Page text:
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August 7, 2000


The opinion of the court was delivered by: Wolin, District Judge.


This matter is before the Court on defendant's motion for partial summary judgment pursuant to Rule 56 of the Federal Rules of Civil Procedure. This case involves the denial of insurance coverage by defendant, Provident Life Insurance Company ("Provident"), in connection with a claim submitted by plaintiff, Kenneth Tarsio ("plaintiff"). The narrow question before the Court is whether defendant exercised "bad faith" in its denial of coverage. The Court has considered the matter, on the papers, pursuant to Rule 78 of the Federal Rules of Civil Procedure. For the reasons stated below, the Court will grant defendant's motion.


For many years, plaintiff worked as president of Rocco Caruso, Inc. ("Rocco Caruso"), formerly his father's construction company. As president, he managed the day-to-day operations of the company. His duties included, inter alia, bidding, soliciting, negotiating new contract, supervising existing projects, planning work crews, and financial decisions.

While at Rocco Caruso, plaintiff purchased two separate disability insurance policies from defendant.*fn1 Together, the two policies provided defendant with over $7000 in monthly benefits so long as plaintiff could not "perform the substantial and material duties of his occupation" due to injury or sickness.*fn2

In June 1996, plaintiff claims he became depressed. He maintains that he could not "concentrate, function or speak with customers." He further maintains that he "had difficulty leaving the house, did not care whether he lived or died, and became visibly emotional (crying and upset) at the slightest problems." By August 1996, plaintiff states he could no longer work due to the depression. At that point, he asserts "he was unable to make decisions and was constantly breaking down emotionally." Because he no longer worked, his employee, Nick Russo ("Russo"), began making the business decisions. At about the same time, Rocco Caruso went out of business. Plaintiff claims that Russo suggested to plaintiff that he close the business due to plaintiff's depression.*fn3

In the beginning of August, Dr. Maggiano, plaintiff's family doctor, diagnosed plaintiff with anxiety and prescribed Xanax. At the end of August, Dr. Beverly Dunn, who several years earlier treated plaintiff for depression, again treated plaintiff. She diagnosed him with major depression and prescribed Prozac. In addition, plaintiff also visited a psychotherapist, Susan Kilduff, once a week. Ms. Kilduff also diagnosed plaintiff with depression. Both Dr. Dunn and Ms. Kilduff concluded that plaintiff should not return to his present job.

In November 1996, plaintiff submitted a claim for disability benefits. Thereafter, Provident commenced an evaluation of his claim. On January 15, 1997, Provident informed plaintiff that, although it did not have a complete file for a full evaluation, it would pay him benefits and reserved their rights pending a complete evaluation.

Several months later, Provident completed its evaluation and denied plaintiff's claim. In coming to this decision, Provident states it reviewed all available relevant material. Specifically, Provident states it reviewed questionnaires completed by Ms. Kilduff and Dr. Dunn. Provident points out that, in the questionnaire, Ms. Kilduff indicated plaintiff responded well to medication and could return to "work" within six months to a year.*fn4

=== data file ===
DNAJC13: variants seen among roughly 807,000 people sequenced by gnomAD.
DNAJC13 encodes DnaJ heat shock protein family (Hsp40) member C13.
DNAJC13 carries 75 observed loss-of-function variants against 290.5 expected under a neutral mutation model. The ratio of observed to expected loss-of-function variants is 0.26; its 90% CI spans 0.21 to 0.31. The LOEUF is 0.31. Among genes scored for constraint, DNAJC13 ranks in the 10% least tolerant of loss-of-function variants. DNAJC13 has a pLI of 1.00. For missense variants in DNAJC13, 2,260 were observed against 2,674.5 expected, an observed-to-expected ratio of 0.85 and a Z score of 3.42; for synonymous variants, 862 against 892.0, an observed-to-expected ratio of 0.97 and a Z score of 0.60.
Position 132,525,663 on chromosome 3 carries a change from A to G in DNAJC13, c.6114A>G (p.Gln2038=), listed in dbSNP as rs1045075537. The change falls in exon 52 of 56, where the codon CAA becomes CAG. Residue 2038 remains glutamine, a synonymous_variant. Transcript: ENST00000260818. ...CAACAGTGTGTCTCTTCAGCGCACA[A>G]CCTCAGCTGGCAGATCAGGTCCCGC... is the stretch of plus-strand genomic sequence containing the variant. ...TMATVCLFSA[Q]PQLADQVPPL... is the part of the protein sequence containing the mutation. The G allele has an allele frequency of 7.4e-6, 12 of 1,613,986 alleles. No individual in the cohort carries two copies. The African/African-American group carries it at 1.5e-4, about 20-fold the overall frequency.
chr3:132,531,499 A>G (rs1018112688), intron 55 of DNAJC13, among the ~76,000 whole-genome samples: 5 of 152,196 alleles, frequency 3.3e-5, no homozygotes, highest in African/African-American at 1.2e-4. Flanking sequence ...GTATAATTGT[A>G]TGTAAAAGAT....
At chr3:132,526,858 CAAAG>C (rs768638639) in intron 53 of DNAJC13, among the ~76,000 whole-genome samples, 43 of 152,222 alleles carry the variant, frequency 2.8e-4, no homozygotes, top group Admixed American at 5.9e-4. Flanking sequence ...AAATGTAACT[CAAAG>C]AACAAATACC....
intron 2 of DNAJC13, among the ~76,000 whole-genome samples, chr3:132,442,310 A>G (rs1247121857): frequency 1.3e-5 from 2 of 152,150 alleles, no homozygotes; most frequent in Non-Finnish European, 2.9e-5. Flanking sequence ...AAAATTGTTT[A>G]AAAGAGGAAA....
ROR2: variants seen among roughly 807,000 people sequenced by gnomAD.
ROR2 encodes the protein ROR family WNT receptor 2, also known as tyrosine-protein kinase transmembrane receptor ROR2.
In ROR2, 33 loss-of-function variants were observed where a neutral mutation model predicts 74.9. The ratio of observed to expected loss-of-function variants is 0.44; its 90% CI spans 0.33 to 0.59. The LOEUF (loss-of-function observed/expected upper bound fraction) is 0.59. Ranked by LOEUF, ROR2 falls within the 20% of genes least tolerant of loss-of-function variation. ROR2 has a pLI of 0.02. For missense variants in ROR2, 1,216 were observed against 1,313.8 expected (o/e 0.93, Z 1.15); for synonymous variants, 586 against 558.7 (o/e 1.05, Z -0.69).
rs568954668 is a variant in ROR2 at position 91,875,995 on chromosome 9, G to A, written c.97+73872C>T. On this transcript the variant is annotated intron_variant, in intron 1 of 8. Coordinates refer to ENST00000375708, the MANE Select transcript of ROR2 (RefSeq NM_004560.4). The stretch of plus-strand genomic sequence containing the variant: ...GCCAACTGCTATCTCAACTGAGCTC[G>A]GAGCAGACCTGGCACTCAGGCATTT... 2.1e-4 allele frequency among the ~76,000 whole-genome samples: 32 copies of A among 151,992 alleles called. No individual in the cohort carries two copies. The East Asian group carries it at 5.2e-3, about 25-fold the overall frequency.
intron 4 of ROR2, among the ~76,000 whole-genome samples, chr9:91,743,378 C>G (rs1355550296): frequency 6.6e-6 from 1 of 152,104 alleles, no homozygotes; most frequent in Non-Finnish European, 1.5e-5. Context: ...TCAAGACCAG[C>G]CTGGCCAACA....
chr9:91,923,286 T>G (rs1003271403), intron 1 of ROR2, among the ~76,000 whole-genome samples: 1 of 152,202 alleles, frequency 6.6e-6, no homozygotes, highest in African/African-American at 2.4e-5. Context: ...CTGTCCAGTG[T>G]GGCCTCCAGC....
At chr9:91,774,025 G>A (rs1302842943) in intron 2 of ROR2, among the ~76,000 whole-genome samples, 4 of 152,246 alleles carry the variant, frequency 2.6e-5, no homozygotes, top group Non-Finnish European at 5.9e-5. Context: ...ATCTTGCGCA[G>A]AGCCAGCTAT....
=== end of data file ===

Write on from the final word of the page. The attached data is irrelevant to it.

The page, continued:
In June 1997, Provident referred plaintiff to a psychiatrist, Dr. David J. Gallina, and a psychologist, Dr. Nancy Burleigh Gallina, for independent examinations. Dr. David Gallina found that plaintiff responded well to medication and his depression was in remission. Further, he suggested that plaintiff may have skewed some of psychological testing by exaggeration and "deliberate distortion of the clinical picture. . . ." Such "distortion," according to the doctor, suggested "the possibility of malingering." From his examination, the doctor concluded that plaintiff could "function in some capacity in the construction business, though perhaps not in the same capacity he formerly had in running his own corporation."

Similarly, after her examination of plaintiff, Dr. Nancy Gallina found plaintiff may have "exaggerated" his responses to testing. Therefore, she suggested that his "profile should be interpreted with caution." Dr. Nancy Gallina, thus, concluded: "It is my opinion, with reasonable certainty, that there is considerable subjective embellishment and exaggeration of symptoms by [plaintiff]. These are probably reflective of incentives to a disability lifestyle which includes work avoidance and disability income."

After its review of this information, Provident denied plaintiff's claim. Provident maintains that it denied the claim "in view of the exaggeration and malingering found in the independent medical exam, in view of the finding that [p]laintiff could return to work, and in view of the improving condition as noted by plaintiff's own attending physician."

After Provident denied the claim, plaintiff's attorney sent Provident a report from Dr. Sheldon Weiser. In his report, Dr. Weiser stated that plaintiff should remain on disability due to his depression and personality disturbance. Provident forwarded the report to Dr. David Gallina and Dr. Nancy Gallina for their review and response. Both found that Dr. Weiser's report did not alter their opinions. Consequently, Provident did not change its determination.

After the denial, plaintiff filed a two-count complaint. In count one, plaintiff alleges that Provident failed to pay benefits to plaintiff under terms of his disability insurance policies. In count two, plaintiff alleges that Provident failed and refused in bad faith, and without reasonable cause, to pay plaintiff's claim under ...

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